Assignment 5 - Name Food Resource Economics 3103 Exercise 5...

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Name_______________________ Due Date : 11/24/10 Exercise 5 A. Arbitrage is the practice of simultaneously buying and selling a commodity in two different markets with the intention of profiting from the price difference in the two markets. Arbitragers in futures markets are part of the group of traders known as speculators--they are the grease that makes this machine work efficiently. Arbitrage can occur in any two markets separated by time, place and form. Here is a simple example of each. Temporal arbitrage . The monthly cost of storing corn is about $0.03 per month. Slick Willie notes that in December the current cash price of corn is $2.50/bu and that the March futures price is $2.80. He buys corn in the cash market and simultaneously sells a March futures contract. In March he makes physical delivery as specified in the contract. His costs are $2.50 for the cash corn and $0.12 for four months of storage. He receives $2.80 in March for a profit of $0.18 per bushel. Spatial arbitrage . Willard Fillmore is a truck driver. He really has nothing planned for this Wednesday, so he gets on the net and finds that the cash price of corn in Ames, Iowa (where he is currently working towards a B.S. in truck driving) is $2.30 per bushel and the cash price in Chicago is $2.50/bu. He figures his cost of hauling a bushel of corn from Ames to Chicago is $0.12 per bushel. Thus, he buys a truckload in Ames and drives it to Chicago where he sells it for $2.50. His costs are $2.42, so he earns a clear profit of $0.08 per bushel. [Note: to avoid an empty backhaul he buys a truckload of beer in Chicago where liquor taxes are very low and hauls it back to Ames where they are very high. While this is highly illegal, it is spatial arbitrage nonetheless.] Commodity arbitrage . Smoothie Sussie is a speculator at the Chicago Board of Trade. She has learned that over time, the price of futures contracts for soybeans (in cents/bu) are typically three times that of the price of futures contracts for soybean meal (in $/ton). That is, when the price of a soybean contract is 600 cents/bu, the price of the soybean meal is usually $200/ton. One day Sussie notes that soybeans are trading at 800 cents/bu and meal is trading at $400/ton. Sussie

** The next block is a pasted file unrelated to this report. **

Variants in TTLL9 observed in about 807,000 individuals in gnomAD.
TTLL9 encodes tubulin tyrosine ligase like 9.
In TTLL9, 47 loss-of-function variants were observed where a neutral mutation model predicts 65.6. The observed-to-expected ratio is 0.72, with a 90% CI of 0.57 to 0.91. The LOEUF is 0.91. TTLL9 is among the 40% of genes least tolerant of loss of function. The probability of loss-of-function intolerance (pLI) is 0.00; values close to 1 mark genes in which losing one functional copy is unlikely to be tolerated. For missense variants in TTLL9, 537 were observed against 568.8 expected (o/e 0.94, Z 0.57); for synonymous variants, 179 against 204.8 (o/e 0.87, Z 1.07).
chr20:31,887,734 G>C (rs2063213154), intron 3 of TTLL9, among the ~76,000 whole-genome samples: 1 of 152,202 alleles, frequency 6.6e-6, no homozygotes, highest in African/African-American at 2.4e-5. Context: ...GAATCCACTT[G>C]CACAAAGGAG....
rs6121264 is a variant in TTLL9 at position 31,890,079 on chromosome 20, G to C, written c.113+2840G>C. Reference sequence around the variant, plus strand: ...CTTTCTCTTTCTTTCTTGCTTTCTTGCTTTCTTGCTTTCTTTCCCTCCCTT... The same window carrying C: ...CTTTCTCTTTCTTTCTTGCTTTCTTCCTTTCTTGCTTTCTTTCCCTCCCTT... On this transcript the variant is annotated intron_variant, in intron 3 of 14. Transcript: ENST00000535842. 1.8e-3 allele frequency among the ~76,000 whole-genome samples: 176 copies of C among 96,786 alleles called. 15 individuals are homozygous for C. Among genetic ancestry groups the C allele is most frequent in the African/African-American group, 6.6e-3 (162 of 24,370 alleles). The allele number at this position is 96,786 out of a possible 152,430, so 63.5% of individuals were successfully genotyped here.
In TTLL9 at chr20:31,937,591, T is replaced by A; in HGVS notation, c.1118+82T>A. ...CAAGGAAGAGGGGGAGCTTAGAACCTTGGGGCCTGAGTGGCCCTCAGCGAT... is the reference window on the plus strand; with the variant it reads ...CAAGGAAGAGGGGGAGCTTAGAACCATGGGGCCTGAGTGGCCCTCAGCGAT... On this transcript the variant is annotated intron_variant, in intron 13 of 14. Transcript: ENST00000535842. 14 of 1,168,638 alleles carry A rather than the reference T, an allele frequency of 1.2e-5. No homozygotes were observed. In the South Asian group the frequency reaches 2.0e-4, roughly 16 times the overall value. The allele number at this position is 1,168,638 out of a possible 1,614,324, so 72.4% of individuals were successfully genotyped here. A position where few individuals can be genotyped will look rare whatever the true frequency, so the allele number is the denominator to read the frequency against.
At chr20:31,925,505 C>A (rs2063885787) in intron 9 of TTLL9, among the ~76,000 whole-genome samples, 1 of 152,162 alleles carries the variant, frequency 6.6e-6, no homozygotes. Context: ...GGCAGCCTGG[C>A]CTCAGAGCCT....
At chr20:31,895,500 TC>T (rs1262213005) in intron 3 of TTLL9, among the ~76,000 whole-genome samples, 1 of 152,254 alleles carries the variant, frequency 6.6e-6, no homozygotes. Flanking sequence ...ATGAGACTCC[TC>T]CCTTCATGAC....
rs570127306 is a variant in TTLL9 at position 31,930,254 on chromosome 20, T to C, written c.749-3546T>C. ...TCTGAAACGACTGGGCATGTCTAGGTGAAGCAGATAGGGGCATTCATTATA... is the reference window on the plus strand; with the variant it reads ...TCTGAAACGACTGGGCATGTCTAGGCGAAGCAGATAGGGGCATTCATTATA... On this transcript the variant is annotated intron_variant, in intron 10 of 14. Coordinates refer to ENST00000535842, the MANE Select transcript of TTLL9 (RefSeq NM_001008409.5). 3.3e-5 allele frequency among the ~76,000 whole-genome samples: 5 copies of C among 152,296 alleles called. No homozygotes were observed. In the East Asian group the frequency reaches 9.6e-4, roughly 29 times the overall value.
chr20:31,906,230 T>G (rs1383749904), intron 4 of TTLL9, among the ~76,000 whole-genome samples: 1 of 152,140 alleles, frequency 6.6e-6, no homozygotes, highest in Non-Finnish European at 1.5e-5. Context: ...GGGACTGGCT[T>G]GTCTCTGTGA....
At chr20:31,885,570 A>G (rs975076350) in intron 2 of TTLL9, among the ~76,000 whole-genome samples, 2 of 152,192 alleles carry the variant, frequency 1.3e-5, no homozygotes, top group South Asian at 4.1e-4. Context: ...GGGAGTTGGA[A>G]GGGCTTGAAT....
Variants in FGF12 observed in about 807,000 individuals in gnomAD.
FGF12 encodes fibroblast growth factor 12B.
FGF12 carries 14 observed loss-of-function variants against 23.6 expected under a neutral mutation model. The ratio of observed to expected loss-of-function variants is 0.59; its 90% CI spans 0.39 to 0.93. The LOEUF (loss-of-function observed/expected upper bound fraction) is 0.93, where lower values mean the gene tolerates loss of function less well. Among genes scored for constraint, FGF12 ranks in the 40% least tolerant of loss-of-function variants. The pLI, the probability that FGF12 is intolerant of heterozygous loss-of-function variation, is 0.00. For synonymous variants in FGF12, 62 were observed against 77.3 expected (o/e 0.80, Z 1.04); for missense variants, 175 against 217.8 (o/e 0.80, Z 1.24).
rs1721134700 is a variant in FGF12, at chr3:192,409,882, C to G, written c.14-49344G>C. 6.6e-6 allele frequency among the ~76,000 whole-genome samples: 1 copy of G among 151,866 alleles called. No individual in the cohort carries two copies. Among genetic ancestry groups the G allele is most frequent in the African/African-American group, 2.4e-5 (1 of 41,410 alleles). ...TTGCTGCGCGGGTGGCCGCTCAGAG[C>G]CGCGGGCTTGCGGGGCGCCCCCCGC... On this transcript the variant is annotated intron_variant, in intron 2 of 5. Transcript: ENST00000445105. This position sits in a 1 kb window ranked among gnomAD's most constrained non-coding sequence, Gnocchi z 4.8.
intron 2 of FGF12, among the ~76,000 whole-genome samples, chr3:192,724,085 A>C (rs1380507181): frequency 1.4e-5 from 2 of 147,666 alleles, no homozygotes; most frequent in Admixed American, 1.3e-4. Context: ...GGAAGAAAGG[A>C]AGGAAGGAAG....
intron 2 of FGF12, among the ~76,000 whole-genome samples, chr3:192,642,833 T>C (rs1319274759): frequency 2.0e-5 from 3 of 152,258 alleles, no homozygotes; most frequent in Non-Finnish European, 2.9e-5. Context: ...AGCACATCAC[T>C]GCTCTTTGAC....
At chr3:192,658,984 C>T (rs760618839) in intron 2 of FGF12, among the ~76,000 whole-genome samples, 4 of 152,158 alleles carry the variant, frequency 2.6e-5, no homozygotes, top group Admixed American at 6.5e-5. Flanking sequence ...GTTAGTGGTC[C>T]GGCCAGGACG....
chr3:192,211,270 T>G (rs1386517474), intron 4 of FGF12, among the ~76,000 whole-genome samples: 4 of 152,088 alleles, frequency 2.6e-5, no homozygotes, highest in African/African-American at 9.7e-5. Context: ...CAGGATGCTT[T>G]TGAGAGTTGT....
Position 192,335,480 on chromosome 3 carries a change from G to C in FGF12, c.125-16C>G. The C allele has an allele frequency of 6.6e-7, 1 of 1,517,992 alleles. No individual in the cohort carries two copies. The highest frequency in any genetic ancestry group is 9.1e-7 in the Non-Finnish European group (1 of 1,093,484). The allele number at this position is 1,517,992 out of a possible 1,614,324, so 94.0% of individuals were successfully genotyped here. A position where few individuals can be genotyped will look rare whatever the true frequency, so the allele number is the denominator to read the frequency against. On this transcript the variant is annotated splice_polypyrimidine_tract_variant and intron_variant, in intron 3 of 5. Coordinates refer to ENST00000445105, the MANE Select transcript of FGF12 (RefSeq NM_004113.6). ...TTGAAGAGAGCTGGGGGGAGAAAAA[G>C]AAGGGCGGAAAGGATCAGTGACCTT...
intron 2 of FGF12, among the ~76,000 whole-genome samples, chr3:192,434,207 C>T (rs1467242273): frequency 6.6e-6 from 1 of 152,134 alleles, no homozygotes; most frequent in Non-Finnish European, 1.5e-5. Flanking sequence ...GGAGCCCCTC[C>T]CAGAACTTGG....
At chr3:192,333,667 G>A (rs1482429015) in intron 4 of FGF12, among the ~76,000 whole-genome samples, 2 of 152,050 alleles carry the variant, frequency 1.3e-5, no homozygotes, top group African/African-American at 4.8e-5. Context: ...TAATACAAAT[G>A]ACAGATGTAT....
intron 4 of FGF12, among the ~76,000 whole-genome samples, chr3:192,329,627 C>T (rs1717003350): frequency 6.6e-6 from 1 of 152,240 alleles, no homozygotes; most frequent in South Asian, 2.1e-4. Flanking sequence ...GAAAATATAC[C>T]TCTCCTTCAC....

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This note was uploaded on 02/10/2011 for the course AEB 3103 taught by Professor Cazanova during the Fall '08 term at University of Florida.

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Assignment 5 - Name Food Resource Economics 3103 Exercise 5...

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